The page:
Energy & Environment

Green groups hammer Trump over emergency declaration

Environmental groups are hammering President Trump's plans to use a national emergency declaration to build a wall on the southern border, warning it will have negative effects on the region's ecosystem and wildlife.

"A wall that divides communities, blocks wildlife migration, disrupts water flow and destroys delicate park ecosystems is not the solution to border security and immigration challenges," said Theresa Pierno, president and CEO for the National Parks Conservation Association in a statement.

Trump on Friday said he would declare a national emergency to redirect funds to the construction of a border wall. His decision came after lawmakers agreed on a border security funding package that fell far short of the $5.7 billion Trump had sought. Trump has agreed to sign the deal to avoid a government shutdown but intends to use the national emergency to find potentially $8 billion for a wall.

During the recent 35-day shutdown, national parks across the U.S. experienced maintenance delays, construction stalls and in some cases vandalism. The bill Trump will sign will fund those parks through September.

Green groups are now shifting their worries to what a border wall could mean for the environment, including concerns it could disrupt natural wildlife migration corridors, species habitats, waterways and terrain. And those groups also expressed worries about other elements of the border security deal.

"While we are glad Congress rejected some of Trump's extreme anti-immigrant proposals along with drastic cuts to environmental agencies and new anti-environmental riders in the compromise spending bill, we are troubled both by the increases in immigration enforcement that can rip apart families, as well as funding for border barriers that can harm wildlife," Jennifer Allen Aroz, senior vice president for community and civic engagement at the League of Conservation Voters, said in a statement Friday.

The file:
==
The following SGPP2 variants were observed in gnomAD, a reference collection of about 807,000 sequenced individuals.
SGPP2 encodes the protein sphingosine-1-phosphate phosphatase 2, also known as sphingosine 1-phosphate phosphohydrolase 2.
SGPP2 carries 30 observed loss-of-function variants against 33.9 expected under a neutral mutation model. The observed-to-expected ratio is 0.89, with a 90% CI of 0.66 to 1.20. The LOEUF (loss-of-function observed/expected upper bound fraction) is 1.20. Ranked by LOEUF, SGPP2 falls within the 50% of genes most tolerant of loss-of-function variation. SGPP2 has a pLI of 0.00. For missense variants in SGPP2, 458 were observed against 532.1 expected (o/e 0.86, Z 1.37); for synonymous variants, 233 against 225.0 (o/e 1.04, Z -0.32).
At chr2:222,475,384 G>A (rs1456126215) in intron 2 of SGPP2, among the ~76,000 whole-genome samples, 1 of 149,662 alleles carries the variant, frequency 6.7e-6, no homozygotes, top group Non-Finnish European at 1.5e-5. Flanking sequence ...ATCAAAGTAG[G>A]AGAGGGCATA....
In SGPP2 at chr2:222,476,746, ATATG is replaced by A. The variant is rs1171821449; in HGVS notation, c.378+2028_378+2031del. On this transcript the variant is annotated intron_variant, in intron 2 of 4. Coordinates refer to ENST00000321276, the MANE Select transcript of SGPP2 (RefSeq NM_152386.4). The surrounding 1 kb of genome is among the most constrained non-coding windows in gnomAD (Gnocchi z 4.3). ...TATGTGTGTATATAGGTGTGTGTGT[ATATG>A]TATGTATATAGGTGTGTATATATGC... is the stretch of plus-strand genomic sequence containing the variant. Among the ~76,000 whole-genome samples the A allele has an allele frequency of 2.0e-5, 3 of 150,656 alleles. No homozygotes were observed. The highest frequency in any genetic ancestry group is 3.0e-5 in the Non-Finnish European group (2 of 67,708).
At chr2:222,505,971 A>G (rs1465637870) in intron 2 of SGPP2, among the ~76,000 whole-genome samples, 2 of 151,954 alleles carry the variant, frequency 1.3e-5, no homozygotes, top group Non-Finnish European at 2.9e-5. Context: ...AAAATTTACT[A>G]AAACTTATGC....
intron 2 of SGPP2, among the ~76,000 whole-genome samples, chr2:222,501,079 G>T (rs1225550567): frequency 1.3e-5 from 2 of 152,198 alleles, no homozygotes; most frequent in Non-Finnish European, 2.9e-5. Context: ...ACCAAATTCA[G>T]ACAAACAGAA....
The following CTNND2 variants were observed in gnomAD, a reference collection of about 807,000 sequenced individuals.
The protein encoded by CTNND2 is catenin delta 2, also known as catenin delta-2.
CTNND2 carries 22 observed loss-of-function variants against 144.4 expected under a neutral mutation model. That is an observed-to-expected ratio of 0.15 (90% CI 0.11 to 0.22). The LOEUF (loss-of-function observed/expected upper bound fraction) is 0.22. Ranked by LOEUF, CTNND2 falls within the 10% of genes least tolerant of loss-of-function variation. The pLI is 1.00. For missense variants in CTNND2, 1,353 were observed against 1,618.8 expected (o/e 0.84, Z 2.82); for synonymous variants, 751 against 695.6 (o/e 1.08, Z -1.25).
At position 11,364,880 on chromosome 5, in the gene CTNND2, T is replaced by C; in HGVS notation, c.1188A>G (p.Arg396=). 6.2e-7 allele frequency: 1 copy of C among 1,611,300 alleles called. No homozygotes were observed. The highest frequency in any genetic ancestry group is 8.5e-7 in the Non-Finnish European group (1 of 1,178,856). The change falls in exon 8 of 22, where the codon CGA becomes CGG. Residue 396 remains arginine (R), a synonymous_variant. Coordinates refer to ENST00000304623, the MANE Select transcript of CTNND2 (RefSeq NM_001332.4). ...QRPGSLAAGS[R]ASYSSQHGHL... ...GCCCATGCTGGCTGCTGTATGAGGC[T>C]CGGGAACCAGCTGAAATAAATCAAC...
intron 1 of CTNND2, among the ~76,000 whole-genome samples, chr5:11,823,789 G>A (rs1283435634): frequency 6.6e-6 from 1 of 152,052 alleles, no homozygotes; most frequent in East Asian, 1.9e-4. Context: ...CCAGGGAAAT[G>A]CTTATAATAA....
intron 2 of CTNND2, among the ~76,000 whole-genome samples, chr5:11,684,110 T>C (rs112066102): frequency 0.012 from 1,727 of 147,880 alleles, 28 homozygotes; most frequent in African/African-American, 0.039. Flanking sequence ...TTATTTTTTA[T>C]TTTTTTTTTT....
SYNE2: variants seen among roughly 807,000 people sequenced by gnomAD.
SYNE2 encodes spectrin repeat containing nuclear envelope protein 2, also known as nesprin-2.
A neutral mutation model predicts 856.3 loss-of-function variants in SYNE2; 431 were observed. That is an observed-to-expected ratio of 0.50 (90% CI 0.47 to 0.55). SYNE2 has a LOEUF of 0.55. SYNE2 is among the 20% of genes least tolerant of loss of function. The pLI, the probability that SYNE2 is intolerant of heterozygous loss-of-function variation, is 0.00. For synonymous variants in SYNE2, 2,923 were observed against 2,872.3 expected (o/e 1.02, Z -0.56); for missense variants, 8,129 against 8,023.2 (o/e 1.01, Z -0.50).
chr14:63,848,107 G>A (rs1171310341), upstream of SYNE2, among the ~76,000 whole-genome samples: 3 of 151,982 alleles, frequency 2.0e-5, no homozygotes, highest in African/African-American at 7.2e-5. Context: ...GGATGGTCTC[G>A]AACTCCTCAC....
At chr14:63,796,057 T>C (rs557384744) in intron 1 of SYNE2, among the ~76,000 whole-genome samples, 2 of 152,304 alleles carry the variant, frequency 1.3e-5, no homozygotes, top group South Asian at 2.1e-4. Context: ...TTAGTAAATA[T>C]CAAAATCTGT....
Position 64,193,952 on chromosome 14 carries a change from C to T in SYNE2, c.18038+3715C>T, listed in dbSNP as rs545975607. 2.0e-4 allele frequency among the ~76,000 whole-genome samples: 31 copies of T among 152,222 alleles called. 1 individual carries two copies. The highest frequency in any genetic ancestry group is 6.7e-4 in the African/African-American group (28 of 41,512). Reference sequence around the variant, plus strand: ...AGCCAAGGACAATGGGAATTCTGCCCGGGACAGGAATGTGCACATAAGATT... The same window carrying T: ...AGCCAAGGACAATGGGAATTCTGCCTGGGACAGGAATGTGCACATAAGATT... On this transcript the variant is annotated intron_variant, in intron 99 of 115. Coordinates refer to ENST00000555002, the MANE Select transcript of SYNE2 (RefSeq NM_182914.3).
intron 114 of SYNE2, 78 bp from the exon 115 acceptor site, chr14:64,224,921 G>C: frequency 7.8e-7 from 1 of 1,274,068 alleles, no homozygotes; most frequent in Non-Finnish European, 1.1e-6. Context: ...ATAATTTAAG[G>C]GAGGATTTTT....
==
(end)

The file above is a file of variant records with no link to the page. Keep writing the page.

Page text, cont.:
"The EPA, the National Park Service, and the Land and Water Conservation Fund have been badly under-resourced for years and deserve the increases-and more-that they receive in this package, but they should not come at the price of hateful and inhumane anti-immigration policy," said added.

More than 40 percent of U.S. territory along the border is owned by the federal government and managed as refuges or national parks by the Interior Department. Those include Organ Pipe Cactus National Monument and Cabeza Prieta National Wildlife Refuge in Arizona and Big Bend National Park in Texas.

Conservationists fear a wall could ruin those areas.

"Additional border wall construction would devastate some of our country's most treasured places, such as Organ Pipe Cactus National Monument and Big Bend National Park by fragmenting sensitive landscapes, walling off wildlife habitats and eroding the region's ecotourism, further hurting local communities that rely on these places for their livelihoods," Pierno said.

The Sierra Club, an environmental group that is a longtime critic of Trump administration policies, called for a legal challenge to the president's decision to use emergency funding to complete the border wall and hinted that such a challenge could come from their group.

"We are repulsed by this unprecedented attack on the borderlands and on our democracy, and we intend to resist it with every tool possible. Meanwhile, Congress and the Courts must be the check on this abuse of executive power," said Sierra Club Executive Director Michael Brune.

"This is one of the lowest lows for the institution of the presidency. The Sierra Club will take swift legal action against Trump's declaration."

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